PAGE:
Once the rasp is seated within the femur's canal, torque adapter 50 is slid onto the rasp such that the shaft 92 of the rasp is inserted into the blind bore of the adapter 50 and nipple 62 of the adapter is accommodated within blind bore 102 of the rasp body. Shaft 80 of the adapter 50 is rotated to urge bridal 72 away from the adapter until cross bar 78 is firmly seated within notch 104 of the rasp shaft 92. Set screw 70 is loosened such that shaft 68 may be slid until one of its longitudinal ends is generally flush with the side wall of the adapter 50 housing. Shaft 68 is illustrated in FIG. 4 in solid lines in one of its positions and in broken lines in a second position. The particular direction in which the shaft is slid is dependant upon which of the patient's hips is being worked on and which surgical approach is selected. The shaft 68 is slid such that the shaft is fully exposed. Set screw 70 is tightened such that shaft 68 is rigidly secured to housing 52. The surgeon next connects motion indicator 110 onto shaft 68 such that the shaft is accommodated by the blind bore 115 and is secured thereto by a set screw (not shown). Anchor pin 96 is loosely positioned within the clamp of leg 118 and is driven a distance into the femur sufficient to temporarily secure the pin within to the femur. The wing nut of clamp 124 is rotated to cause the clamp to engage the anchor pin and thereby stabilize the leg against movement relative to the femur. A torque wrench 101 (shown in broken lines) is connected to the socket 54 of adapter 50 and torque force is applied to the adapter/rasp combination. If motion is experienced between the adapter/rasp combination and the femur, leg 118 of indicator 110 will rotate slightly with the femur causing indicator needle 120 to deflect away from its central normal position. Measurement indicia on adjacent window 122 provides an indication to the surgeon on the amount of relative movement experienced. The surgeon is therefor given a visible and positive indication of movement, or lack thereof, and the amount of movement at the rasp/femur junction. It is the surgeon's determination if the motion detected is significant requiring additional modification of the medullary canal of the femur. After the surgeon determines the canal to be satisfactorily prepared to accommodate an implant, the rasp is removed and the implant 2 is seated within the canal.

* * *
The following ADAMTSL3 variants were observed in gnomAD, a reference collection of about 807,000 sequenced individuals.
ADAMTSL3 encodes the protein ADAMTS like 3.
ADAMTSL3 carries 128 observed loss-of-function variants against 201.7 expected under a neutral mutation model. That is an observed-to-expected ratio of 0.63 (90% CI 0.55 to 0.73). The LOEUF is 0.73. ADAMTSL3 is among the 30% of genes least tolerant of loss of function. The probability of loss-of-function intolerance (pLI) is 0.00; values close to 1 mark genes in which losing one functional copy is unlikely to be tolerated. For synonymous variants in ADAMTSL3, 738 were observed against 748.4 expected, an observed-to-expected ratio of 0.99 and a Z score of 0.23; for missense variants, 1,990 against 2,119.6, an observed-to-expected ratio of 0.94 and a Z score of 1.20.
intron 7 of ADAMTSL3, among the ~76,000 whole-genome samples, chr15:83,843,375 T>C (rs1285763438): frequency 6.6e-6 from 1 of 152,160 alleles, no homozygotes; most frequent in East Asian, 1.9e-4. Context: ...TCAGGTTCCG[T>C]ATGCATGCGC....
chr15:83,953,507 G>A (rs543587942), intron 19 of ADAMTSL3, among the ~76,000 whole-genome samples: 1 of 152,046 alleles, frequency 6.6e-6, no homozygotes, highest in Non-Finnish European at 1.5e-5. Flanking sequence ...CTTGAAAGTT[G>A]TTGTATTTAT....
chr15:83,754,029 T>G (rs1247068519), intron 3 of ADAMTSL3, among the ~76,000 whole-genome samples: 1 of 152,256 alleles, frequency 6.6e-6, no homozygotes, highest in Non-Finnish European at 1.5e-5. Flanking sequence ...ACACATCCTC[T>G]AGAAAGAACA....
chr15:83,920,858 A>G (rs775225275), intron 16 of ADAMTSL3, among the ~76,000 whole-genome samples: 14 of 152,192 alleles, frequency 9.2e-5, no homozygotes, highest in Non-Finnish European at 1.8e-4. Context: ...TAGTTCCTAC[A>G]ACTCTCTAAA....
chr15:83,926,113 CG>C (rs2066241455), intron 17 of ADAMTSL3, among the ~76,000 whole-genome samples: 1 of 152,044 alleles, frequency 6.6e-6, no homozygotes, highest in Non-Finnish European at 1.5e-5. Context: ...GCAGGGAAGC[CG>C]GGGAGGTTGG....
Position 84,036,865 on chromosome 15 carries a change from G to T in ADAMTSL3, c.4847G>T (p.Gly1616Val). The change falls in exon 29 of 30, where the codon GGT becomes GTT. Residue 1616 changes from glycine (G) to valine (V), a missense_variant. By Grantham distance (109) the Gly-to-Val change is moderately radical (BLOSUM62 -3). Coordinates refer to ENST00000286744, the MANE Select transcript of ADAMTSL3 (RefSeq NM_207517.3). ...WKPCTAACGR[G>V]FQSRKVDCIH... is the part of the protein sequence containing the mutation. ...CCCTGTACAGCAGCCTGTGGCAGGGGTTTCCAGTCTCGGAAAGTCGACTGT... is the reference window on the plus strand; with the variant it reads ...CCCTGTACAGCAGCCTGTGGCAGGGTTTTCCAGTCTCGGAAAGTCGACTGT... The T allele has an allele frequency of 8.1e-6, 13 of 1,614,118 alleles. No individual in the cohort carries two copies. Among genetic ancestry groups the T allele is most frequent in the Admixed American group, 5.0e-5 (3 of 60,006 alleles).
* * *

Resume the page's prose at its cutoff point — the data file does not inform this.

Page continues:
A number of years after the implant has been inserted it is not unusual for a patient to experience pain about the prosthetic joint. It has been determined that the pain may be attributable to a plurality of factors. One of the factors which may cause pain in the joint is micro-motion between the implant and bone. If movement occurs between the implant and bone a revision surgery may be required to reshape the medullary canal of the bone and implant a different prosthesis. If motion is not experienced revision may not be necessary. To test the fit of the implant within the canal, the surgeon connects torque wrench adapter 30 to implant 2 by inserting arm 36 into the extraction bore and tightening screw 42. A full and complete description of the connection of adapter 30 to the implant may be had by reference to the incorporated U.S. patent application. After adapter 30 is connected, motion indicator 110 is slid onto arm 44 and connected thereto by a set screw not shown. An anchor pin 96 is again loosely positioned within the clamp of leg 118 and is driven a distance into the femur to temporarily secure the pin to the femur. The wing nut of clamp 124 is rotated to cause the clamp to engage the anchor pin 96 and thereby stabilize the leg 118 of the indicator 110 against movement relative to the femur. A torque wrench (not shown) is connected to the socket 46 of adapter 30 and torque force is applied to the adapter/implant combination. If motion is experienced between the adapter/implant combination and the femur, leg 118 is caused to rotate with the femur relative to the implant which causes a corresponding deflection in indicator needle 120. Again, the surgeon is given a visible and positive indication of relative movement between the prosthesis and femur when the torque force is applied.
It should be understood that the system and instrumentation of the system described above are not to be limited to the precise forms disclosed, but may be modified within the scope of the appended claims.